That is why a key feature of every contact center is having access to analytics that report on a number of different, important metrics on an overall and per agent basis, helping showcase any potential pain points that may need to be looked at and evaluated.
Having a contact center solution with an intuitive dashboard is important too, often coming pre-built with the most relevant metrics on display.
Omnichannel contact centers can even have the option of blended reports and dashboards, showing the metrics of every communication channel together in one place.
6. Multiple Communication Channels
While not expressly required, utilizing the main selling point of a contact center solution goes without saying.
The more communication channels it can support, the more approachable the business will appear to its customers.
Frequently Asked Questions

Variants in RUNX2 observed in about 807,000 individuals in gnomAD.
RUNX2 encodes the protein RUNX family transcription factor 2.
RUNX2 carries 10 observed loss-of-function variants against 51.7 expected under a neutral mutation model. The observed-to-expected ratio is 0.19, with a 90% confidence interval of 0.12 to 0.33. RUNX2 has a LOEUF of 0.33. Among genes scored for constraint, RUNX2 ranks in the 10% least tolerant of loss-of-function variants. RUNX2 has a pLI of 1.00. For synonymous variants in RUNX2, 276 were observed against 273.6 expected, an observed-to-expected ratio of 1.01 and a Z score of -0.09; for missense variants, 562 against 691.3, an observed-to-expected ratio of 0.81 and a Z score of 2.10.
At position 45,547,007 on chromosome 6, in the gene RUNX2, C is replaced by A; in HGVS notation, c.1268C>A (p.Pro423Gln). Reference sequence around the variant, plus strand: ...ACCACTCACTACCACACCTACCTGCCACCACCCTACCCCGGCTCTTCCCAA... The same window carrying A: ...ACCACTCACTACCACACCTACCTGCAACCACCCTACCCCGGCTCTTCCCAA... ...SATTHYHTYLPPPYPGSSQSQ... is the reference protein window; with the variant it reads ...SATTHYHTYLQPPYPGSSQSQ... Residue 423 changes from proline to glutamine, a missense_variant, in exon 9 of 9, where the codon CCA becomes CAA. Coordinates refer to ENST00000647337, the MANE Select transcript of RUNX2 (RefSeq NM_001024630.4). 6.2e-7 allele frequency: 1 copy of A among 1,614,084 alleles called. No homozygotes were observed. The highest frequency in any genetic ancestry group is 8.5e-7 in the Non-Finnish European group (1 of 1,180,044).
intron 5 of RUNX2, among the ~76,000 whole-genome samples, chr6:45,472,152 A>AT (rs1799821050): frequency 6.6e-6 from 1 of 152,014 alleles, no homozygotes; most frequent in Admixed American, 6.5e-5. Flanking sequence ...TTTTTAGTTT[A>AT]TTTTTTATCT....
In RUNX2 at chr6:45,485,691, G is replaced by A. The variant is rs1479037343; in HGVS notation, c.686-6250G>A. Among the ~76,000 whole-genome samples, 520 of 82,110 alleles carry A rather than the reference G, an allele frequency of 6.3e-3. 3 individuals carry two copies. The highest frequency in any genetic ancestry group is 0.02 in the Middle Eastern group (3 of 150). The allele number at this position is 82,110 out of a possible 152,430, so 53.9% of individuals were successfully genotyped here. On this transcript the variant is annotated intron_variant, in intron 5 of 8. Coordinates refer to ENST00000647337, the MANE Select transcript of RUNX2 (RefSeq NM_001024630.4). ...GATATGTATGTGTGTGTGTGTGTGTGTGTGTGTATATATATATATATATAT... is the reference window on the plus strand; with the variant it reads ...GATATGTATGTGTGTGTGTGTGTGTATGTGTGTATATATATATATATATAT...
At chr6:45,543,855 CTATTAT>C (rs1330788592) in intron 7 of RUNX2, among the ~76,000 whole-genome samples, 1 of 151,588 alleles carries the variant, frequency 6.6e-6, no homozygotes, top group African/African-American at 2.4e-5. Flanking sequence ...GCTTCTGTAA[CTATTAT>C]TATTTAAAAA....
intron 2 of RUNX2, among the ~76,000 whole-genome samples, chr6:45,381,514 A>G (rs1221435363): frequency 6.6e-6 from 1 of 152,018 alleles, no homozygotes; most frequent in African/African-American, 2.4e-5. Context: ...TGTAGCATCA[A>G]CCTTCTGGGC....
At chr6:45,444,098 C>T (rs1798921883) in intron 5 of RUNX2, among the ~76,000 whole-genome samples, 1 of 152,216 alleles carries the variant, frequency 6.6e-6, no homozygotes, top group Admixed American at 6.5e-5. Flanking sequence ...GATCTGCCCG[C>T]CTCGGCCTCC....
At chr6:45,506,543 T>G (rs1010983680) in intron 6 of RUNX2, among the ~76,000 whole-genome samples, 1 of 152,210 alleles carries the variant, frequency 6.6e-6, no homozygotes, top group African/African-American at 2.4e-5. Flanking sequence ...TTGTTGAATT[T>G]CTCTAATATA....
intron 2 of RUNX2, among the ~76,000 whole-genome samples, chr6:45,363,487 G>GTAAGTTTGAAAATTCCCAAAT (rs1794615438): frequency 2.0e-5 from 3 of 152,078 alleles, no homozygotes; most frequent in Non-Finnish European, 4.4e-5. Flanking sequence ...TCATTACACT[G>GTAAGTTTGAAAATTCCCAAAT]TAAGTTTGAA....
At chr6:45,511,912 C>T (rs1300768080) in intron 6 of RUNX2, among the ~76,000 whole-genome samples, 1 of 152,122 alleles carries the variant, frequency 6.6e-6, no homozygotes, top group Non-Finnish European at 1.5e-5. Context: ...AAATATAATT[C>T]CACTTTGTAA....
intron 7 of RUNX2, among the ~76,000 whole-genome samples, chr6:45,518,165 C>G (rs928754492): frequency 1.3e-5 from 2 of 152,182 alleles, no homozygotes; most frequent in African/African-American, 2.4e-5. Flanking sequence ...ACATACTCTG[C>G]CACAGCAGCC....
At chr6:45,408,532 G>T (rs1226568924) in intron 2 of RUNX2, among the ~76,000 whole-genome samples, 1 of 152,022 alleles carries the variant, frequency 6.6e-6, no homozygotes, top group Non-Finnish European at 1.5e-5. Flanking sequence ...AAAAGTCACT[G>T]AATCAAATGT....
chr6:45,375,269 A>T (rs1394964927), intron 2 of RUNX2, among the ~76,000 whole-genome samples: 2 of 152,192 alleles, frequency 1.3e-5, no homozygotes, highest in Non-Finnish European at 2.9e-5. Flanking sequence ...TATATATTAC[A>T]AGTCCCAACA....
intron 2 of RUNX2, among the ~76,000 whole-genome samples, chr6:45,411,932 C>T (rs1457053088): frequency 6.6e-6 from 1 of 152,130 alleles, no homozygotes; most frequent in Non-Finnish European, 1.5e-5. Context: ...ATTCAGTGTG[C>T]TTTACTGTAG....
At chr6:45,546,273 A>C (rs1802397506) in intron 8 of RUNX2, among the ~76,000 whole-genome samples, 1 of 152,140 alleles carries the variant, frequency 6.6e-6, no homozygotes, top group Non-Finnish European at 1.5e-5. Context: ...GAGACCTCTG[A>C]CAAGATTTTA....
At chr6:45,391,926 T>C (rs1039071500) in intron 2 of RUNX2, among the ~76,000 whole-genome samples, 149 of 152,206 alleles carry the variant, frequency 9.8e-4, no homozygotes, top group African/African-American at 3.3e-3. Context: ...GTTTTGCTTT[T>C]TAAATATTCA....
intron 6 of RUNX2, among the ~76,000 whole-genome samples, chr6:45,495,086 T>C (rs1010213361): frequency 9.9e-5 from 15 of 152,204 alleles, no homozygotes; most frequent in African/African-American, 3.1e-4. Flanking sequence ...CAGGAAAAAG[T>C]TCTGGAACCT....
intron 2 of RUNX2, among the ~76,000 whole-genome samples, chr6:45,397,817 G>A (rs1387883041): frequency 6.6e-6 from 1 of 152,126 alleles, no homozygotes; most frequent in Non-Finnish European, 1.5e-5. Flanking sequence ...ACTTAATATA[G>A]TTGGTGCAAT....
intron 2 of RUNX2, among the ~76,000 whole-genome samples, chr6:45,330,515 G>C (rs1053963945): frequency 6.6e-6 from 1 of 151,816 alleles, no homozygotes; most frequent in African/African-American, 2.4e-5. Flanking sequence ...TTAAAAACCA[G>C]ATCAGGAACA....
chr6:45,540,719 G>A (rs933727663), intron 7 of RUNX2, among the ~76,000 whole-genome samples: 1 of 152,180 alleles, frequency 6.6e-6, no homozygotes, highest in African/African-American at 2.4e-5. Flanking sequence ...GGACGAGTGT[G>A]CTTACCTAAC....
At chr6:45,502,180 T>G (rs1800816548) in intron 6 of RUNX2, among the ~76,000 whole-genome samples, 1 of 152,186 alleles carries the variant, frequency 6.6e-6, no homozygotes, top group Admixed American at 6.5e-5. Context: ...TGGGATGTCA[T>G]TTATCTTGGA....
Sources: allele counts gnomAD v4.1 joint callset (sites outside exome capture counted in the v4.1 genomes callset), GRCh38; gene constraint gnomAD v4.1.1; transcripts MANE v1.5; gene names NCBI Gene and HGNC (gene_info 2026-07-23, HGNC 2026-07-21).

Here are several questions that businesses will often ask when a contact center solution is offered to them:
Are Contact Centers Necessary For A Business To Operate?
While not mandatory for some businesses, they are a pivotal asset for businesses as they aid in brand recognition and customer satisfaction.
They also provide a good source of customer insights and data to help businesses continue to grow and be successful by adapting to the needs of their customer base.
What Is The Best Contact Center Solution?
There is no single best option that works for every business. They all have their niche and it is important to recognize the strengths of each contact center type and leverage it against the specific needs of the business in order to create the most suitable offer.